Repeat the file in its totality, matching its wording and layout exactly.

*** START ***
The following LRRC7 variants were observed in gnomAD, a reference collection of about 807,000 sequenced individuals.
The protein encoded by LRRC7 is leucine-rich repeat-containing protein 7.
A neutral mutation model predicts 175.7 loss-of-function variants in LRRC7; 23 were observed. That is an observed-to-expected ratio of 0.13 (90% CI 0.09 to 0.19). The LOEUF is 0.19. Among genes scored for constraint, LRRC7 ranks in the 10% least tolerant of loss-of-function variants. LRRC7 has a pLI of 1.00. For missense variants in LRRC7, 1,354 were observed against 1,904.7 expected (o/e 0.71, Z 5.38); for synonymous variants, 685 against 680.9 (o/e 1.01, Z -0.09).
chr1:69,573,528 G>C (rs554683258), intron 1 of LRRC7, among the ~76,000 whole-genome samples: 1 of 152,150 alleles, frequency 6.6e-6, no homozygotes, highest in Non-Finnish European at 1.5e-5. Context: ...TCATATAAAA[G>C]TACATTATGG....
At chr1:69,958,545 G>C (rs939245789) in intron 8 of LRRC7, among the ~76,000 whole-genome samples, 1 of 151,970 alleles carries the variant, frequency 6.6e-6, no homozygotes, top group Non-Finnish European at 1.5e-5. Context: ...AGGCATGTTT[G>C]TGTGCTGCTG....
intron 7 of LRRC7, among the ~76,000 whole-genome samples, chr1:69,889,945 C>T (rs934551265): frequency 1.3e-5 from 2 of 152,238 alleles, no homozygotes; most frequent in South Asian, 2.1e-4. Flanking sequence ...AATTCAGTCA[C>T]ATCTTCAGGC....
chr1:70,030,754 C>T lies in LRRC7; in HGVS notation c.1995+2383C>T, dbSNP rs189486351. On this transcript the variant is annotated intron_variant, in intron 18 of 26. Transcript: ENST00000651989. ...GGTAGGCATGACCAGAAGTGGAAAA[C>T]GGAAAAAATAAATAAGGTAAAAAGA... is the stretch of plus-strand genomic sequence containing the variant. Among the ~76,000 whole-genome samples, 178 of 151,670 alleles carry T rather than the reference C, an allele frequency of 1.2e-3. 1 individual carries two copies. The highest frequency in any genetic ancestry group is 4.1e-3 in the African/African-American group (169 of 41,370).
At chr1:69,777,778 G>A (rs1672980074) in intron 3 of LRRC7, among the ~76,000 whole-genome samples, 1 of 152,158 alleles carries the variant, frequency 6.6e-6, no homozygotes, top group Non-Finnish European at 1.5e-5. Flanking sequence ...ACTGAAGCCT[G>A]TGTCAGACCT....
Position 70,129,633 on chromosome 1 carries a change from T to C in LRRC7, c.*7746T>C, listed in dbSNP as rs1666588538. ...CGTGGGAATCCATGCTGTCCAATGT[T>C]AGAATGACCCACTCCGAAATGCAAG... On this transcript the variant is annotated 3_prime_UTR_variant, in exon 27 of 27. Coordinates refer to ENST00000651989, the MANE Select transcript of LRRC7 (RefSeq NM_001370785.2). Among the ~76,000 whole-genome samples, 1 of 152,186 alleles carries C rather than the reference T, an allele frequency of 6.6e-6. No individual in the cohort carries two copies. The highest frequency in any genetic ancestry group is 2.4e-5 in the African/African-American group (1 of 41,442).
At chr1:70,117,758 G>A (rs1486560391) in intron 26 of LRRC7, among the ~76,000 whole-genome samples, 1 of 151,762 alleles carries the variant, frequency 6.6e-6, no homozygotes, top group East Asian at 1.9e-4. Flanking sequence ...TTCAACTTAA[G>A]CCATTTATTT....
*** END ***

The following LRRC7 variants were observed in gnomAD, a reference collection of about 807,000 sequenced individuals.
The protein encoded by LRRC7 is leucine-rich repeat-containing protein 7.
A neutral mutation model predicts 175.7 loss-of-function variants in LRRC7; 23 were observed. That is an observed-to-expected ratio of 0.13 (90% CI 0.09 to 0.19). The LOEUF is 0.19. Among genes scored for constraint, LRRC7 ranks in the 10% least tolerant of loss-of-function variants. LRRC7 has a pLI of 1.00. For missense variants in LRRC7, 1,354 were observed against 1,904.7 expected (o/e 0.71, Z 5.38); for synonymous variants, 685 against 680.9 (o/e 1.01, Z -0.09).
chr1:69,573,528 G>C (rs554683258), intron 1 of LRRC7, among the ~76,000 whole-genome samples: 1 of 152,150 alleles, frequency 6.6e-6, no homozygotes, highest in Non-Finnish European at 1.5e-5. Context: ...TCATATAAAA[G>C]TACATTATGG....
At chr1:69,958,545 G>C (rs939245789) in intron 8 of LRRC7, among the ~76,000 whole-genome samples, 1 of 151,970 alleles carries the variant, frequency 6.6e-6, no homozygotes, top group Non-Finnish European at 1.5e-5. Context: ...AGGCATGTTT[G>C]TGTGCTGCTG....
intron 7 of LRRC7, among the ~76,000 whole-genome samples, chr1:69,889,945 C>T (rs934551265): frequency 1.3e-5 from 2 of 152,238 alleles, no homozygotes; most frequent in South Asian, 2.1e-4. Flanking sequence ...AATTCAGTCA[C>T]ATCTTCAGGC....
chr1:70,030,754 C>T lies in LRRC7; in HGVS notation c.1995+2383C>T, dbSNP rs189486351. On this transcript the variant is annotated intron_variant, in intron 18 of 26. Transcript: ENST00000651989. ...GGTAGGCATGACCAGAAGTGGAAAA[C>T]GGAAAAAATAAATAAGGTAAAAAGA... is the stretch of plus-strand genomic sequence containing the variant. Among the ~76,000 whole-genome samples, 178 of 151,670 alleles carry T rather than the reference C, an allele frequency of 1.2e-3. 1 individual carries two copies. The highest frequency in any genetic ancestry group is 4.1e-3 in the African/African-American group (169 of 41,370).
At chr1:69,777,778 G>A (rs1672980074) in intron 3 of LRRC7, among the ~76,000 whole-genome samples, 1 of 152,158 alleles carries the variant, frequency 6.6e-6, no homozygotes, top group Non-Finnish European at 1.5e-5. Flanking sequence ...ACTGAAGCCT[G>A]TGTCAGACCT....
Position 70,129,633 on chromosome 1 carries a change from T to C in LRRC7, c.*7746T>C, listed in dbSNP as rs1666588538. ...CGTGGGAATCCATGCTGTCCAATGT[T>C]AGAATGACCCACTCCGAAATGCAAG... On this transcript the variant is annotated 3_prime_UTR_variant, in exon 27 of 27. Coordinates refer to ENST00000651989, the MANE Select transcript of LRRC7 (RefSeq NM_001370785.2). Among the ~76,000 whole-genome samples, 1 of 152,186 alleles carries C rather than the reference T, an allele frequency of 6.6e-6. No individual in the cohort carries two copies. The highest frequency in any genetic ancestry group is 2.4e-5 in the African/African-American group (1 of 41,442).
At chr1:70,117,758 G>A (rs1486560391) in intron 26 of LRRC7, among the ~76,000 whole-genome samples, 1 of 151,762 alleles carries the variant, frequency 6.6e-6, no homozygotes, top group East Asian at 1.9e-4. Flanking sequence ...TTCAACTTAA[G>A]CCATTTATTT....